posted by stormyteal at 12:11 AM on December 22, 2018

Just wanna throw in there that the trope of mom ir pop with a cocktail, wine or beer and no one reacting is on the wane. Most people I know don’t consume alcohol around their kids or while they are expected to return to a primary role for them in the timespan.
posted by Iteki at 3:34 AM on December 22, 2018 [2 favorites]

Not so applicable for the newborn/potted-plant stage, but once baby starts crawling and putting everything in their mouth, make sure your meds and cannabis are in a high cabinet with a child-proof lock. If that's not your usual practice, maybe start now so you have a good 6-7 months to make this a habit.
posted by basalganglia at 5:23 AM on December 22, 2018 [1 favorite]

I don't have bipolar disorder, but my wife does. We have two kids who are now 7 and 10, and I can say that while it wasn't always easy, we did it, and you can too. Here's my advice.

First, make a plan. My wife and I went together to her psychiatrist before each of our children were born and had a conversation about medication plans (and for you this should include cannabis, of course) for when things were going as planned, but we also how to escalate when things weren't going as well.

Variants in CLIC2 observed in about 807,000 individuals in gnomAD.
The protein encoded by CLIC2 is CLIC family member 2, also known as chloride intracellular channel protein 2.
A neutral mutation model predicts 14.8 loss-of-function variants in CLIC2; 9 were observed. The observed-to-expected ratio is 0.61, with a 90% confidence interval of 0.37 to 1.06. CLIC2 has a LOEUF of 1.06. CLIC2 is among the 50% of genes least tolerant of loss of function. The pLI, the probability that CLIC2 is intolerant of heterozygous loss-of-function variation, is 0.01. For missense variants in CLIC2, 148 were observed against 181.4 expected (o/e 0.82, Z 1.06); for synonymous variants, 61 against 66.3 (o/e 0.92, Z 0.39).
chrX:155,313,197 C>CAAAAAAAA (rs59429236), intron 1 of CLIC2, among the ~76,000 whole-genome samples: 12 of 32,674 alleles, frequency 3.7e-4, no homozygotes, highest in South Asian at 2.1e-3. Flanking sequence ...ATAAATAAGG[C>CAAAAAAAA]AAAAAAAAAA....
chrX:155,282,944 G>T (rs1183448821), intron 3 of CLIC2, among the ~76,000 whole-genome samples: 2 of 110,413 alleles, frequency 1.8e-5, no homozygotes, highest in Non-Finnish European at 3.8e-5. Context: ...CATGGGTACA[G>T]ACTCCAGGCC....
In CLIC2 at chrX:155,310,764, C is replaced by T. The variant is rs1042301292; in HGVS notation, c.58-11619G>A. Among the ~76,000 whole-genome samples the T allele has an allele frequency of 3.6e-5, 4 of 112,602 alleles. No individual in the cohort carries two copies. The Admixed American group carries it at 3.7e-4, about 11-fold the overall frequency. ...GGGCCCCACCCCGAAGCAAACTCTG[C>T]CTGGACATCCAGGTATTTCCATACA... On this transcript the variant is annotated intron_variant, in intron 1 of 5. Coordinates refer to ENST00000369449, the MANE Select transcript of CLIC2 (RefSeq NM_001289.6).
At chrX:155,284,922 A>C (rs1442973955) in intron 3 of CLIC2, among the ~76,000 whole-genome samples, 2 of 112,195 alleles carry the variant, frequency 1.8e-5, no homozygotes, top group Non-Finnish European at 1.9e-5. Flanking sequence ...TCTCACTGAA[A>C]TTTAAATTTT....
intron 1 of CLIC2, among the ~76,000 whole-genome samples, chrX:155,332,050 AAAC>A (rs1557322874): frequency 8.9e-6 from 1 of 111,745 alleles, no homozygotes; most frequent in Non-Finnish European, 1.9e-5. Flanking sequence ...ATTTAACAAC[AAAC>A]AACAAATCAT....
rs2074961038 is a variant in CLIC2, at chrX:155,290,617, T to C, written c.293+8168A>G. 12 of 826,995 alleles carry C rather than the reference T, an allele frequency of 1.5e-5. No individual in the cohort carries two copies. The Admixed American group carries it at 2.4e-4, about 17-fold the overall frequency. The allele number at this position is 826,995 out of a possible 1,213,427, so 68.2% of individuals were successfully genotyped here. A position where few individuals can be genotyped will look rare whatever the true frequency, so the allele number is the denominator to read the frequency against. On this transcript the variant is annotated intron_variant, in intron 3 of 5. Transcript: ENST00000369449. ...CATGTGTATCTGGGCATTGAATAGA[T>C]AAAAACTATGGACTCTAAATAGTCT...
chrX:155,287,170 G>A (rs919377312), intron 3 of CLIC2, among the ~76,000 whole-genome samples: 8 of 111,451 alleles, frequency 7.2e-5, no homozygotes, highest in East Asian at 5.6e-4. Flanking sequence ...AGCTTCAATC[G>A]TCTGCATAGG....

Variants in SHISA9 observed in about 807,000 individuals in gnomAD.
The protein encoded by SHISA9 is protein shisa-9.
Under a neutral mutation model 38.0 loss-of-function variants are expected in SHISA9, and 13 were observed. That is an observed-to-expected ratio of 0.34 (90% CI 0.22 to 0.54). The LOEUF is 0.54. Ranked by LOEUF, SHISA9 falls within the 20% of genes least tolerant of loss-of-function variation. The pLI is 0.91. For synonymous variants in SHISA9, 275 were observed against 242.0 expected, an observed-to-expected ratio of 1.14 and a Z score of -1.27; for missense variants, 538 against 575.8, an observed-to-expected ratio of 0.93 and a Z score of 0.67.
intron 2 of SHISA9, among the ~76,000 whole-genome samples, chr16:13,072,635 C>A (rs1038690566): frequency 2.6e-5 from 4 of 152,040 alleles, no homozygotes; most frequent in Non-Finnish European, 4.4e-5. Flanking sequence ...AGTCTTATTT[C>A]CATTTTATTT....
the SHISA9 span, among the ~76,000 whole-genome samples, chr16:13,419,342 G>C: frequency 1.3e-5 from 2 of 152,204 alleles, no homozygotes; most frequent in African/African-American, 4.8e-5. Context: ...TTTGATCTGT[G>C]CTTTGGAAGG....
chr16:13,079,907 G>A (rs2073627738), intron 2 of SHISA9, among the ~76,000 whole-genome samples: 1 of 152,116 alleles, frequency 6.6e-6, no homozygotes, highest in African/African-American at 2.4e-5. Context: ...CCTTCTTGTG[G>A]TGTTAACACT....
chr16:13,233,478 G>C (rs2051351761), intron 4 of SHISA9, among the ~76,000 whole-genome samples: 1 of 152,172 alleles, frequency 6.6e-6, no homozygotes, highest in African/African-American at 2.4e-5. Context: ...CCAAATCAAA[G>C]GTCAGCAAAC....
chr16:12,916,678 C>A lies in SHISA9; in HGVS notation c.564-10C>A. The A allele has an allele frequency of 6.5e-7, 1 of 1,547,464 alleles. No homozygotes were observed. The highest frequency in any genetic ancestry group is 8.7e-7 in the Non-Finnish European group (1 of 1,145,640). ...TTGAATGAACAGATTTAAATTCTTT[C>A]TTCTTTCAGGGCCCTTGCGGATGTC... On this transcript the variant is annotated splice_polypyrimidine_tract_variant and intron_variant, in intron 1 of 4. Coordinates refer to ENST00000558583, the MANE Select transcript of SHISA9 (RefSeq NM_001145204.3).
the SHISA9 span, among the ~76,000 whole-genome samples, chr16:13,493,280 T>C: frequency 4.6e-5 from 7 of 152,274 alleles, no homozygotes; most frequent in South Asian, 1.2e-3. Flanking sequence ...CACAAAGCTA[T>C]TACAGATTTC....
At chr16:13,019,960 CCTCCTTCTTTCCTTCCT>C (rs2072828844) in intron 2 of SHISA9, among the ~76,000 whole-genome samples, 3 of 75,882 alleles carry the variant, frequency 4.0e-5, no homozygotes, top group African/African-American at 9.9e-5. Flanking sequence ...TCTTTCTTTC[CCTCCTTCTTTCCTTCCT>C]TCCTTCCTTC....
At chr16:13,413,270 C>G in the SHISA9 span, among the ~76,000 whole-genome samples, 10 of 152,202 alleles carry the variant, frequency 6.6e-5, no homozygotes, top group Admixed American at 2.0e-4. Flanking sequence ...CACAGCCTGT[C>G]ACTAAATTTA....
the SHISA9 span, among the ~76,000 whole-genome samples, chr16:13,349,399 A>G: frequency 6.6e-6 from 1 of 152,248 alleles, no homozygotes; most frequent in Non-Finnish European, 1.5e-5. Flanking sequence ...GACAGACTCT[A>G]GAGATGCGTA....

Second, and other people have said this, but it bears repeating, don't be afraid to ask for help. We got a postpartum doula to come and help for a few hours each day in the first week. If this is in your budget, I highly recommend it. Also, friends and family of course. Knowing there are people who know what the situation is who can come in and lend a hand if needed can be a huge thing.

Finally, and I think this is probably most important, is that you can't just go into this the way a couple that didn't have these challenges would. I know that you want to do your share, and be a supportive partner, and I get that, and you can. But the point where that stops is where it compromises your stability. If sleep disruption is a trigger for you (as yhlee and my wife too) then you need to make sure that your sleep isn't disrupted.

You say "I need to learn to be able to keep my shit together while stressed while engaged and present in family life even if I am having a mental health episode" and I think at the very least this is the wrong framing. You need to avoid getting into a situation where you are having a mental health episode. If you do run into trouble, you need to get out of the situation and deal with yourself first. It's like oxygen masks on airplanes.

Your wife can handle a newborn for while on her own. What she probably can't handle is a newborn plus a person having a serious mental health episode.

Best of luck, and feel free to memail me.
posted by Lazlo Hollyfeld at 5:21 PM on December 22, 2018 [1 favorite]